60 km south of Chachapoyas is the funerary complex of Revash, in the district of Santo Tomás, province of Luya. Revash is the name given to a group of mausoleums that is divided into two sectors.
At an altitude of 2,800 m, the mausoleums are located in a cave excavated at the height of the limestone rocks of Cerro Carbon.
Most of the houses in both areas were built side by side. They seem more inhabited houses than mausoleums. But these are the last houses of the deceased Chachapoya. In fact, this is confirmed by its content, its location in a remote region, difficult to access and the fact that they stand on the edge of a precipice.
The arrival to the Mausoleums
Made in 2010 by the inhabitants with the financial assistance of the State, the road is in good condition. The 1.5 km to the Mausoleums were paved with local stones in just 3 months. We walked silently for 40 minutes. The last 10 minutes are on a soil road.
You can see orchids and bromeliads. Your guide will also show you native trees of the region and tell you the story of the village of San Bartolo in the Amazonas region of Northern Peru.
On your head, you will see a small house of the Chachapoya dead. But the royal mausoleums are still a little further away.
Only once very close you can admire the first complex located in the mountain, with its beautiful cave paintings.
A little further down there is a rest area from which you can see very well the second complex, which can be admired in all the photos of Revash, more red and more like a “house”.
The funeral houses
The height and shape of the houses vary. The houses are always adapted to the wall and the space of the cave in the rock where they are located. They can have one or two floors and there are only side entrances. Sometimes, between one mausoleum and the other, there is a wall in common.
The height of the houses is a little over one meter. It is tall enough to drop mummified corpses in a sitting position. The houses are almost intact, but unfortunately the mummies that were there were removed by man or eaten by the rodents.
The facade opens to the south, while traditionally the funerary buildings of the Chachapoya are to the east.
Paintings and findings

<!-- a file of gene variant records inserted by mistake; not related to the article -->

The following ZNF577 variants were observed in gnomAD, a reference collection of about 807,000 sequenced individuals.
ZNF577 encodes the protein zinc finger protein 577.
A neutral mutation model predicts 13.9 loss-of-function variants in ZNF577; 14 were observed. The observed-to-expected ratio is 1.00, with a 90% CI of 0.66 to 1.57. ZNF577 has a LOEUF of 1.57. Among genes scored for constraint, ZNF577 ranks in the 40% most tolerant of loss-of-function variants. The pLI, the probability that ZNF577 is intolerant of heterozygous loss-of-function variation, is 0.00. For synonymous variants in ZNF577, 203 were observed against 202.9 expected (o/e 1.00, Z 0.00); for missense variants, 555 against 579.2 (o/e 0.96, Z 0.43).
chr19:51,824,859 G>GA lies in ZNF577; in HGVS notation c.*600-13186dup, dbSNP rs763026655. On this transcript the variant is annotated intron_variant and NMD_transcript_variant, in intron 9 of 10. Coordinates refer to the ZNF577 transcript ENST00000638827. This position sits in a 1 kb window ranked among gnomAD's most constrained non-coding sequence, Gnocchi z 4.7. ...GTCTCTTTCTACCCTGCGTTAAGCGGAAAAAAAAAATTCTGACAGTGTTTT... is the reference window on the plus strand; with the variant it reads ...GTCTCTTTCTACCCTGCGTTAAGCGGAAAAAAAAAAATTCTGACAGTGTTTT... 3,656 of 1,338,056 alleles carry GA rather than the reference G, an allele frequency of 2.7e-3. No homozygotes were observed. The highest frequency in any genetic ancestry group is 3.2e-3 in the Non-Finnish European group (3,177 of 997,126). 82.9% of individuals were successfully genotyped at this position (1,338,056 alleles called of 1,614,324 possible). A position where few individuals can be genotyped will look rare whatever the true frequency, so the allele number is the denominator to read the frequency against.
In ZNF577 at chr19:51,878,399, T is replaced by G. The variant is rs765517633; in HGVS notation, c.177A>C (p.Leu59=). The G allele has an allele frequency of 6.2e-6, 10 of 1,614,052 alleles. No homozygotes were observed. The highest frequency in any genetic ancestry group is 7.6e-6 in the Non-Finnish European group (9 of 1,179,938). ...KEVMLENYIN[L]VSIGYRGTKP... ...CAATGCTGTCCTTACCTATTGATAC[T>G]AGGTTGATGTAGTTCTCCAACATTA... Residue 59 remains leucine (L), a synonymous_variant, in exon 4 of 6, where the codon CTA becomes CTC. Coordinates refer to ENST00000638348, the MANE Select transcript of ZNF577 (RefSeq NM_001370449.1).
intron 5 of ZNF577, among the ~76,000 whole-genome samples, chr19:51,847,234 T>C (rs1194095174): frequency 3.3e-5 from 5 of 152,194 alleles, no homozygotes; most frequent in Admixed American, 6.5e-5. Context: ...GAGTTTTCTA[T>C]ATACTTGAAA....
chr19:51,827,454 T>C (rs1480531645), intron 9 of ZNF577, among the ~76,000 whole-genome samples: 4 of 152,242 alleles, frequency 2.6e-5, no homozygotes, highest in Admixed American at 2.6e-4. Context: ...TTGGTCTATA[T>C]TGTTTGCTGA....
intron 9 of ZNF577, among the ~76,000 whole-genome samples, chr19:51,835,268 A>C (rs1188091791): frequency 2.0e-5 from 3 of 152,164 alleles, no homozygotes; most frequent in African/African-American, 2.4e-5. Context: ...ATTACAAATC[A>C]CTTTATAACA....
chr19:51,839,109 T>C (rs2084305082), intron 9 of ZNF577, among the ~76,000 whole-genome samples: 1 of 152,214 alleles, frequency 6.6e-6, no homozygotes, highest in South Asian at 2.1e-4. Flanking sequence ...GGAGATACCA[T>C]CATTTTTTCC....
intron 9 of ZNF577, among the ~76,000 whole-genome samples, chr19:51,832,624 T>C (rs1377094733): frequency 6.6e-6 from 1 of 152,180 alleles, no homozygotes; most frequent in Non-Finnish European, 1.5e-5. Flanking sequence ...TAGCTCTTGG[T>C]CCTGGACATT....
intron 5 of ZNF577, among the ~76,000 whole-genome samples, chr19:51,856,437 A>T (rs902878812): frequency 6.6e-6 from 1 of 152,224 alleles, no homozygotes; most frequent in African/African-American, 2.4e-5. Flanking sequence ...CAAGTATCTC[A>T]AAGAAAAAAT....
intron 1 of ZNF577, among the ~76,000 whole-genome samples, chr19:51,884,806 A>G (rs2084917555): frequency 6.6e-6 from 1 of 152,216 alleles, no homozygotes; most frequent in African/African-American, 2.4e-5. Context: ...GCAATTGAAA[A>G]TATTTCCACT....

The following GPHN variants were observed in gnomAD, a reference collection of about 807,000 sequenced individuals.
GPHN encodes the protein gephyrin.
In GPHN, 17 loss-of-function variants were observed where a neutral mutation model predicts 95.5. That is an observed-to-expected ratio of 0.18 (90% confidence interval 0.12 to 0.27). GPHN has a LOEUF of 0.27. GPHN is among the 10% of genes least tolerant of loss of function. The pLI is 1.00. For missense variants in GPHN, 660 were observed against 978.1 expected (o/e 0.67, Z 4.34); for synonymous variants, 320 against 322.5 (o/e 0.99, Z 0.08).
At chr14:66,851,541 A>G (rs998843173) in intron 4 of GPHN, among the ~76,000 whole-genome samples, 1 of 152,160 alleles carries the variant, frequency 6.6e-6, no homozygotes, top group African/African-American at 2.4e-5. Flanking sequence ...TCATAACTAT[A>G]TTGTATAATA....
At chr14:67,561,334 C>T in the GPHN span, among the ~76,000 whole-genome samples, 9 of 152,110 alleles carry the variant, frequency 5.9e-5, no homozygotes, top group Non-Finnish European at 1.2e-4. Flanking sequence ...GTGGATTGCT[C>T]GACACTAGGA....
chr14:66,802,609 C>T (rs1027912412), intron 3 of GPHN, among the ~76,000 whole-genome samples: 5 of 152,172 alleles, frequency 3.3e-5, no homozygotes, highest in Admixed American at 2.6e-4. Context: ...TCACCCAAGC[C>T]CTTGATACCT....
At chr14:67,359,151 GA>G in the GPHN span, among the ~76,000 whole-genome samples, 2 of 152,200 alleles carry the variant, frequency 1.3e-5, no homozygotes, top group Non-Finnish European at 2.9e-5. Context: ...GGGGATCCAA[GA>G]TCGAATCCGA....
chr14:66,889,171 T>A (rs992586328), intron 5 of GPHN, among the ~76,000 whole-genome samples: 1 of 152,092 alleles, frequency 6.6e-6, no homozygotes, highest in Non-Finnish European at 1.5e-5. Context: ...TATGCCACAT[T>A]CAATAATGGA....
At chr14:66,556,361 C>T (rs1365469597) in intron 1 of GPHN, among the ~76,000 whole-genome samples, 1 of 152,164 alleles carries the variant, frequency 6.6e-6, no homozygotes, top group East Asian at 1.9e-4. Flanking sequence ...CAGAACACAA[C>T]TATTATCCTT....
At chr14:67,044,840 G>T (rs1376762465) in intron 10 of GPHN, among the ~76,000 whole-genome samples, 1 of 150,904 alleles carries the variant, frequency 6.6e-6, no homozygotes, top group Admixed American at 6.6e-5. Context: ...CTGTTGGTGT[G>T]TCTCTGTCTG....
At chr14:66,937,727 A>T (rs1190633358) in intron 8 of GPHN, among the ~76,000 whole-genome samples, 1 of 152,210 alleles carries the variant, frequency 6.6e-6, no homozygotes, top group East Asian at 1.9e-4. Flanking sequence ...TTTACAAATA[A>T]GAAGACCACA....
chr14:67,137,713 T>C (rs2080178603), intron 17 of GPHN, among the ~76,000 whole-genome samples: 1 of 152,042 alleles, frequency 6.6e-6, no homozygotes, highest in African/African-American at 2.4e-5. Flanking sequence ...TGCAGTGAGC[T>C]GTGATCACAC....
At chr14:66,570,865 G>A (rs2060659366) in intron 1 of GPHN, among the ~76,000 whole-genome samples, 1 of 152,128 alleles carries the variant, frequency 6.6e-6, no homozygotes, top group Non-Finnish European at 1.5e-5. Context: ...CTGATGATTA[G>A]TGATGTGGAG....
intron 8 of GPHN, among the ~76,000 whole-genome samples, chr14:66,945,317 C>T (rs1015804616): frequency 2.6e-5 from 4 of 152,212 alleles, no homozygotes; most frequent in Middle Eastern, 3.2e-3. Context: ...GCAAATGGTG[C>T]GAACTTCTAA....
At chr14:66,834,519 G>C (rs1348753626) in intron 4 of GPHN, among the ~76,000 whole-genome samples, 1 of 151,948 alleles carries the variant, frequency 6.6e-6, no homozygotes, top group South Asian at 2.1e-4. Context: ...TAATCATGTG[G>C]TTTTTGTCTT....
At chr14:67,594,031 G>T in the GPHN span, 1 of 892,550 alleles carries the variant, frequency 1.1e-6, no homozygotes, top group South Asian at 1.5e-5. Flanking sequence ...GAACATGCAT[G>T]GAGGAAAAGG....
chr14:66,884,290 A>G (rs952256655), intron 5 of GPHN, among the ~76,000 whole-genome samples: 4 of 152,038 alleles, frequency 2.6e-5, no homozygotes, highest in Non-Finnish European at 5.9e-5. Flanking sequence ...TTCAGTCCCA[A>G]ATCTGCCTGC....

The houses are made of a mixture of stone and clay. Its roofs are only symbolic because they are protected by rock. They are painted red and around there are cave paintings, also in red. This color comes from the seeds of the achiote fruit.
The drawings come from concentric circles and images of camelids (llamas!). There are motifs that represent a cross in low relief, better known as “Andean Cross”, the Andean cross or “chackana”. We can also see “T” and “rectangles” whose meaning is always an enigma. Some scientists are trying to identify the designs that decorate the mausoleums and rock walls. The concentric circles would be symbols of life to accompany the living. Chakanas are associated with power and war: therefore, they are related to death.
Several objects have been found inside these mausoleums. Thanks to them, we can know that they were the prestigious and powerful collective residences of deceased people. French archaeologists Henry and Paul Reichlein believe that the construction of this village of the dead took place in the 14th century.
But apart from that, we know almost nothing about these mausoleums. Another mystery of the Chachapoya culture . Remember: they built the walled citadel of Kuélap and the Sarcophagi of Karajia, also in the Amazonas region.
How to get to the Revash mausoleums ?
From Chachapoyas it takes 1 hour and 30 minutes to get to San Bartolo, in the province of Luya. From San Bartolo we walk along a stone path for 1.5 km until we reach the Mausoleums of Revash.
With your own car, you can also stop about 45 minutes before San Bartolo. From there, take a 4.5 km mini-trek to climb the Mausoleums of Revash.
The entrance is to the tourism association, which is well indicate for the place of Revash: 15 soles for an adult, 3 soles for a child.
You can also have a guide – orientador for 30 soles.